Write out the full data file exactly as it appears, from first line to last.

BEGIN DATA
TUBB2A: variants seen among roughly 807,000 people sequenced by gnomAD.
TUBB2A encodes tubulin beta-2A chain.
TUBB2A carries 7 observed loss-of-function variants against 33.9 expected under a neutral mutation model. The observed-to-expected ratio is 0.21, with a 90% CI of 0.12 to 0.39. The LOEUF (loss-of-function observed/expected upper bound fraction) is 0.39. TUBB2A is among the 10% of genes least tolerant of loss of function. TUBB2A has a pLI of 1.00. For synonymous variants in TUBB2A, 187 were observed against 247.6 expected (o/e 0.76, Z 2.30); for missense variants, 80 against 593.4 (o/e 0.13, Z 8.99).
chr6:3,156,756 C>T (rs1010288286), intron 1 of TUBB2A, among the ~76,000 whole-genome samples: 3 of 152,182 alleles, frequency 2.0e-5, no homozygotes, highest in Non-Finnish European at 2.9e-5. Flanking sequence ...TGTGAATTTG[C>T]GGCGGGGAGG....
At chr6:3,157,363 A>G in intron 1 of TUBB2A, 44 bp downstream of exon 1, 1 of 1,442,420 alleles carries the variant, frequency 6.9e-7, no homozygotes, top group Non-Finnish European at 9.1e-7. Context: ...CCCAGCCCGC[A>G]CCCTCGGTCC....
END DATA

TUBB2A: variants seen among roughly 807,000 people sequenced by gnomAD.
TUBB2A encodes tubulin beta-2A chain.
TUBB2A carries 7 observed loss-of-function variants against 33.9 expected under a neutral mutation model. The observed-to-expected ratio is 0.21, with a 90% CI of 0.12 to 0.39. The LOEUF (loss-of-function observed/expected upper bound fraction) is 0.39. TUBB2A is among the 10% of genes least tolerant of loss of function. TUBB2A has a pLI of 1.00. For synonymous variants in TUBB2A, 187 were observed against 247.6 expected (o/e 0.76, Z 2.30); for missense variants, 80 against 593.4 (o/e 0.13, Z 8.99).
chr6:3,156,756 C>T (rs1010288286), intron 1 of TUBB2A, among the ~76,000 whole-genome samples: 3 of 152,182 alleles, frequency 2.0e-5, no homozygotes, highest in Non-Finnish European at 2.9e-5. Flanking sequence ...TGTGAATTTG[C>T]GGCGGGGAGG....
At chr6:3,157,363 A>G in intron 1 of TUBB2A, 44 bp downstream of exon 1, 1 of 1,442,420 alleles carries the variant, frequency 6.9e-7, no homozygotes, top group Non-Finnish European at 9.1e-7. Context: ...CCCAGCCCGC[A>G]CCCTCGGTCC....